Workforce Development Exchange: Spotlight on Becoming the Employer of Choice
Nov. 7, 2017
By Akeem Favor, Web Content Manager
Building upon last year’s success, CONNECT 2017, Oct. 3-6 in Milwaukee, Wisconsin, saw the return of Workforce Development Exchange, a targeted interactive session focused on recruiting and retaining the next generation to the plumbing, heating and cooling industry.
Co-sponsored by the Plumbing-Heating-Cooling Contractors - National Auxiliary and PHCC Educational Foundation, the Workforce Development Exchange placed the spotlight on the importance of engagement as an effective method of recruitment and on employers establishing themselves as “employers of choice.”
During the welcome speech for the event, Lynne Finley, 2016-2017 president of the Auxiliary, pointed out that in an employment environment filled with many choices, business owners need to take the extra effort to stand out, especially with potential employees from the next generation.
“Multi-generational employment is critical to the future of your company. Without it, one day you will go to work and be the only one there,” said Finley.
“Remember when you were coming up and you knew exactly which company would be your first choice for employment? They all paid about the same, so what made that company number one?”
“You knew that they had the best reputation in the industry, only accepted the very best employees and offered the best working environment for their employees.”
Millennials are becoming a major focus point for businesses. According to the Pew Research Center, the workforce consisted of 53.5 million millennials in 2015. That number is expected to rise quickly over the next decade.
The trades, by that same token, face the challenge of wooing a portion of those same millennials to the p-h-c industry. So how do you reach them?
“A key to workforce development is telling the industry’s stories,” said Cindy Sheridan, Chief Operating Officer of PHCC Educational Foundation.
“It is essential that chapters help tell the stories of contractors, apprentices and other members.”
Sheridan shared key recruiting resources that have been developed for contractor and chapter use, including a new youth-oriented website (www.phccareer.com), an online Workforce Development Resource Center (www.phccweb.org/workforce), promotional materials and videos.
Case Study on Engagement: PHCC of Indiana
If anyone has an interesting story, it’s Brenda Dant, executive director of PHCC of Indiana. Dant, who spoke as a guest speaker during the Workforce Development Exchange, helped lead one of the most successful and well-known recruitment programs created by a PHCC chapter.
In 2015, PHCC of Indiana launched “Best Career 4 You,” a website-based program that connects connected visitors with actual businesses in the area and provides a specific action point to accompany PHCC of Indiana’s numerous career fair appearances and school visits.
By the latest count, PHCC of Indiana has visited 45 schools, interacted with over 8,500 students and made 520 direct connections through the website.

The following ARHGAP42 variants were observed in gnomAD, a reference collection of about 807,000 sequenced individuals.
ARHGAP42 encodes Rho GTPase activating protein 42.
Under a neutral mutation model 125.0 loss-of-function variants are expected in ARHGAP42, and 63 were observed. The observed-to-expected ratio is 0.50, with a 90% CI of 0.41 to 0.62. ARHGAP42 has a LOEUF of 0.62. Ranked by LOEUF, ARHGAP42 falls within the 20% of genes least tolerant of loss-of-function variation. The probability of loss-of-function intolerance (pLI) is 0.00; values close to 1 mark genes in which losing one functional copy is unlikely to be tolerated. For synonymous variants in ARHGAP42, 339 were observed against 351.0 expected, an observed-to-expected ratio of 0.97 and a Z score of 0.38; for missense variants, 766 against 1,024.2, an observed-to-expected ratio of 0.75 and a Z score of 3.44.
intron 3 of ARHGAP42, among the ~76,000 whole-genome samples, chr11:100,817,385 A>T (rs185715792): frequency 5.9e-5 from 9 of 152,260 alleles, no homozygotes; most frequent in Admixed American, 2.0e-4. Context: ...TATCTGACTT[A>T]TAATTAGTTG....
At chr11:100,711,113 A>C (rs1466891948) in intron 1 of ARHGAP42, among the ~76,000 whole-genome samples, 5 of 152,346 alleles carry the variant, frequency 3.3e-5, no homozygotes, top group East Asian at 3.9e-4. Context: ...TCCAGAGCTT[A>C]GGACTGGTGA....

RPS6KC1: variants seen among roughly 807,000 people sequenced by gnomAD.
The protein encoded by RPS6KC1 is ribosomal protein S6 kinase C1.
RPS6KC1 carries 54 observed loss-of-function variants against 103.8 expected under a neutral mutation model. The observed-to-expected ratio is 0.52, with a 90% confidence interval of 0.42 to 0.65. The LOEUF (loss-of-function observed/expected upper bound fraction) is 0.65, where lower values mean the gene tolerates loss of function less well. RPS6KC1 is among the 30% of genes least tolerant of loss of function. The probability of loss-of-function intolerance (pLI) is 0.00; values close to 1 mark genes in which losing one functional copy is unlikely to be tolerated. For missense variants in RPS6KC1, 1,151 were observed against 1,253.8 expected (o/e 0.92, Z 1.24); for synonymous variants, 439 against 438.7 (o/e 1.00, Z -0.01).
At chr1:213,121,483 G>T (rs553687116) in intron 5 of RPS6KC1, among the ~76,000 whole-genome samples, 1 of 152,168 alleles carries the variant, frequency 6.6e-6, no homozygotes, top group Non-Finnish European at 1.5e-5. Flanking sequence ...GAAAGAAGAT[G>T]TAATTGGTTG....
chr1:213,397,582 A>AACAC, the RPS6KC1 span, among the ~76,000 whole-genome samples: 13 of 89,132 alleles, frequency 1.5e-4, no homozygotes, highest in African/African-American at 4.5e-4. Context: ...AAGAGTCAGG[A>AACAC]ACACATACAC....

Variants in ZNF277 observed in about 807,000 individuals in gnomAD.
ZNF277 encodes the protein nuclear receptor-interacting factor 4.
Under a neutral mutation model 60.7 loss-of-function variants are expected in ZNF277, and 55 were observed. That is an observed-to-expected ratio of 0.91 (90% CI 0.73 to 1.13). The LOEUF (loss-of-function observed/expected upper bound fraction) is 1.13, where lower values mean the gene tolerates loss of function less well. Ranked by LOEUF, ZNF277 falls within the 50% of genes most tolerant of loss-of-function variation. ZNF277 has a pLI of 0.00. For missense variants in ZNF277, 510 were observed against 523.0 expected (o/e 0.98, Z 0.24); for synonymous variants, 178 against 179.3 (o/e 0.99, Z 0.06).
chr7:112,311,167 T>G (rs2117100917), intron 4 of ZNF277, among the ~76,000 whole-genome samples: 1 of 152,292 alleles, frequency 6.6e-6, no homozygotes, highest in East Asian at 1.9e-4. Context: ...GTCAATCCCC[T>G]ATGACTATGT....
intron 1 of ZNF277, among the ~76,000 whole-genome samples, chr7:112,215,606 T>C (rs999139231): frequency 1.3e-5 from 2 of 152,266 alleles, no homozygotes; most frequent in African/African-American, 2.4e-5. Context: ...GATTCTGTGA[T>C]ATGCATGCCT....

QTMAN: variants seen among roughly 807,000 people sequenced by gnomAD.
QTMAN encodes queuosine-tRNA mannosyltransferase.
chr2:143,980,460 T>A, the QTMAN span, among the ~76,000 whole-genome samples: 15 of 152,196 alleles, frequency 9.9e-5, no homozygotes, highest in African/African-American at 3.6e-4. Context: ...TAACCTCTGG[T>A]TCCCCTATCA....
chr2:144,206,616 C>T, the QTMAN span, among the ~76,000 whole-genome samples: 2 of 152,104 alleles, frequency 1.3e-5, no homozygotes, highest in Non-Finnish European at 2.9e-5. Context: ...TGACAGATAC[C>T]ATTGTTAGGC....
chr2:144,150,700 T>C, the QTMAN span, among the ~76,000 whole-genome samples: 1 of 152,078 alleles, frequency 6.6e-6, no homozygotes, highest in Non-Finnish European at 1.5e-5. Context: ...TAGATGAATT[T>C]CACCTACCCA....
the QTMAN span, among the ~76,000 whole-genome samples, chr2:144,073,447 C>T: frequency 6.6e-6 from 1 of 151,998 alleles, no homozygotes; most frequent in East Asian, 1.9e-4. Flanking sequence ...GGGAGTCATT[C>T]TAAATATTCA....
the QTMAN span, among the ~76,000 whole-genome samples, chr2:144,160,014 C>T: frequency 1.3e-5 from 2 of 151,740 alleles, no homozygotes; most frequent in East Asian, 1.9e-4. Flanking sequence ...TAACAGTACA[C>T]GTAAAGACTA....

Dant shared the results of her experiences, noting that when it comes to students, even those in continuing education training, don’t understand the breadth of opportunities the industry has to offer. Many are intrigued by the idea of apprenticeships and the prospect of earning money while they learn the trades.
The challenge is that many other industries have also recognized just how critical the shortage of workers will become. Competition is fiercer.
“Every single time I do a career fair there are more booths, more people who want workers,” said Dant.
“Your competition isn’t the contractor down the street – it’s the auto industry, UPS, Walgreens, health care … the pool of available workers is smaller.”
“Developing and growing talent takes time, energy, and resources. That requires patience and dedication, not just from one company but from all of us in the p-h-c industry.”
Becoming an Employer of Choice
Attendees broke out into groups to discuss what they were already doing to become employers of choice, develop new ideas and work on challenges they’ve been facing. Each group tackled one of four broad categories: corporate culture, family business, HR policies and low-cost perks.
Suggestions blended together both the well-known and the innovative. For example, some companies made use of social media to not only promote their businesses, but to also send out update Snapchat messages to staff while tweeting out compliments from customers.
Other trends tied together into overarching themes: establishing a reputation for fairness through clear HR policies that focus on the positive aspects of employment rather than the negatives, recognizing the success of employees by using gift cards or certificates and establishing a corporate culture that is both tech-savvy and fosters work-life balance.
PHCC Educational Foundation and the Auxiliary have assembled a list of helpful tips shared during the roundtables to reinforce the learning from the event and to help ensure that other businesses can take strategic steps to becoming employers of choice.
In the meantime, Dant left attendees with one important piece of advice.
“Positioning your business as an employer of choice is not necessarily easy and it’s certainly not a quick fix. It is something that requires a consistent and concerted effort and, above all else, follow through.”